questions increase in difficulty level as you move through that question type in a section (except reading passage questions, which progress chronologically through the passage) Difficulty Levels difficulty level of the questions is random
arithmetic, data analysis, algebra I and II, functions, geometry; formulas are provided in the test booklet Math Levels arithmetic, algebra I and II, functions, geometry, trigonometry; no formulas are provided
with private schools and schools on the east and west coasts; however, every four-year college in the US accepts SAT scores Tends to be more popular? with public schools and schools in the Midwest and south; however, every four-year college in the US accepts ACT scores
seven times per year: January, March or April, May, June, October, November, December Offered when? six times per year: February, April, June, September, October, December (note that some states offer the ACT as part of their state testing requirements; these tests are not administered on the national test dates)
typically about four weeks before the test date Registration deadline? typically about five to six weeks before the test date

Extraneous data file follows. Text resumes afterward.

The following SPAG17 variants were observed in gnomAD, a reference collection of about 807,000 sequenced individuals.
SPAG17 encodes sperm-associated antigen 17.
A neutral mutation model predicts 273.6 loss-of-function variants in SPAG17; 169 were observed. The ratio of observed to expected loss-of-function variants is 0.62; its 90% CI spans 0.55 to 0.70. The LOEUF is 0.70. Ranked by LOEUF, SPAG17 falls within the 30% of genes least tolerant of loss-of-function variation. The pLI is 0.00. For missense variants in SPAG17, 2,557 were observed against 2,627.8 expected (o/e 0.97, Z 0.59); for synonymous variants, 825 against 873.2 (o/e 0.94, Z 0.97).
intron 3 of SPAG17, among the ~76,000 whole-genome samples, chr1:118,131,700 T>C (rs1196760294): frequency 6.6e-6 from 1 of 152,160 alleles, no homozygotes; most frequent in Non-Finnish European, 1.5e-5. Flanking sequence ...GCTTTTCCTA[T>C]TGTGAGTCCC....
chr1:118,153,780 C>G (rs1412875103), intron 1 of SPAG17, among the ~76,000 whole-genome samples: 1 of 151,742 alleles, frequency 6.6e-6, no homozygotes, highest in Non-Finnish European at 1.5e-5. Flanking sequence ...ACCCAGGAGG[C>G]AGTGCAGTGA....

www.collegeboard.com More Information www.act.org

SAT vs. ACT Score Equivalency Scale

SAT CR+M (Score Range) ACT Composite Score SAT CR+M (Single Score)
1600 36 1600
1540–1590 35 1560
1490–1530 34 1510
1440–1480 33 1460
1400–1430 32 1420
1360–1390 31 1380
1330–1350 30 1340
1290–1320 29 1300
1250–1280 28 1260
1210–1240 27 1220
1170–1200 26 1190
1130–1160 25 1150
1090–1120 24 1110
1050–1080 23 1070
1020–1040 22 1030
980–1010 21 990
940–970 20 950
900–930 19 910
860–890 18 870
820–850 17 830
770–810 16 790
720–760 15 740
670–710 14 690
620–660 13 640
560–610 12 590
510–550 11 530
Table 2 Concordance between ACT Combined English/Writing Score and SAT Writing Score
SAT Writing (Score Range) ACT English/Writing Score SAT Writing (Single Score)
800 36 800
800 35 800
770–790 34 770
730–760 33 740
710–720 32 720
690–700 31 690
660–680 30 670
640–650 29 650
620–630 28 630
610 27 610
590–600 26 590
570–580 25 570
550–560 24 550
530–540 23 530
510–520 22 510
480–500 21 490
470 20 470
450–460 19 450
430–440 18 430
410–420 17 420
390–400 16 400
380 15 380
360–370 14 360
340–350 13 340
320–330 12 330
300–310 11 310